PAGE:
June Reading Thread

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The making of another major motion picture masterpiece by Tom Hanks.

So far it's a quite entertaining fictional account of Hollywood absurdity
Awesome, the ebook has got several pages of comic book strips in it as part of the story!
Taking it easy for a while, I read Bye, Bye, Baby by Ace Atkins. It is the continuation of Robert Parker's Spenser series, authorized by the Parker estate. Atkins does the humor and asides that typify Spenser to a high level. In fact he tries to out-Parker Parker by the frequency with which Spenser, Hawk and a few others cover the page with one liners. That was a little overdone.
Of note is that Atkins tries to be aggressively contemporary. Spenser makes the points that he no longer has a landline, doesn't research newspaper microfilm and has added a few physical skills that go beyond mere pugilism. Of real note is that the plot is, as they say, ripped from the headlines. Death threats to a progressive Boston representative whose profile and even name resembles Alexandria Ocasio-Cortez. The threateners are a clone of the Proud Boys. It is interesting to note the aggressive use of yesterday's newspaper stories.
My overall grade would be a B. However that's about where I would put all of the Spensers. Amusing and relaxing. Certainly not taxing.
Atkins says that this will be his last Spenser (after ten)
Started The Swerve by Stephen Greenblatt - a history book. It will probably be the last book of June for me.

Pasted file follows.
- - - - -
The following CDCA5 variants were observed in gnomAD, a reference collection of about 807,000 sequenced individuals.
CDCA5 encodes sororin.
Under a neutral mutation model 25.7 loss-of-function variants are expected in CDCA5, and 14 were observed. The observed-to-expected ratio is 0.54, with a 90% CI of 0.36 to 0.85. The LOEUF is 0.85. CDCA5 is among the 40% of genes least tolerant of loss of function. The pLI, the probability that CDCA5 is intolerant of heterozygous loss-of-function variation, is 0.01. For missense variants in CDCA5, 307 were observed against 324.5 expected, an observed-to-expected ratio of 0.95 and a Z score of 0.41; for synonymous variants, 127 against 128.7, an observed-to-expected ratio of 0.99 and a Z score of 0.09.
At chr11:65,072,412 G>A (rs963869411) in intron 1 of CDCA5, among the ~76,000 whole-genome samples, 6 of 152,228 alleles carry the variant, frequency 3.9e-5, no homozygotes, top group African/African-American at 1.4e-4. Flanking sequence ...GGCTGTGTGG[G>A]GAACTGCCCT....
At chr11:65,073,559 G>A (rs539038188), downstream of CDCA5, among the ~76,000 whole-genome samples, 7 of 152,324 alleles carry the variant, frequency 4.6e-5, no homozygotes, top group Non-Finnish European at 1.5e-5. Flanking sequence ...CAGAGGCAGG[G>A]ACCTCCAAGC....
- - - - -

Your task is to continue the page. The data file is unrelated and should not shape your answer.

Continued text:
My descriptions of the books I'm reading are growing so long, I've decided to start posting some of them in the review forum.

I've just finished reading The Path of Thorns, by A. G. Slatter. (An alternate pen name for multi-award winning fantasy author Angela Slatter. Hardly an impenetrable disguise, just using her initials instead of her first name.)

For non-fiction, I am reading the intriguingly titled Casanova's Guide to Medicine. Based on the memoirs of Giacamo Casanova, best known for his many love affairs (though apparently no more amorous than other men of his era, we know about his affairs because he wrote about them), he was a polymath with a particular interest in science and medicine. In a long and adventurous life, he often had reason to seek the services of physicians, surgeons, and apothecaries, which he apparently described in rather more detail than his sexual adventures.

I, too, have a particular interest in 18th century medicine, or rather the characters in some of my novels do (Francis Skelbrooke in GM and HN once studied to become a doctor, and portions of TQN take place in a madhouse), so I needs must as well. I've just started reading it, but I look forward to what it has to say on the subject.
Started The Swerve by Stephen Greenblatt - a history book. It will probably be the last book of June for me.
The story of how Lucretius's poem On the Nature of Things "would cause the world to swerve in a new direction" is nothing of the sort. This is actually a speculative biography of Poggio Bracciolini placed in a poor caricature of what Greenblatt thinks the Renaissance was like. Greenblatt is not a historian, is incredibly biased and has it out for the Catholic Church. He also fails spectacularly to validate his thesis/hypothesis. It's all speculation. No decent amount of evidence.
Walkaway by Cory Doctorow, a look at a post scarcity world where bored city dwellers venture out into the scary badlands.
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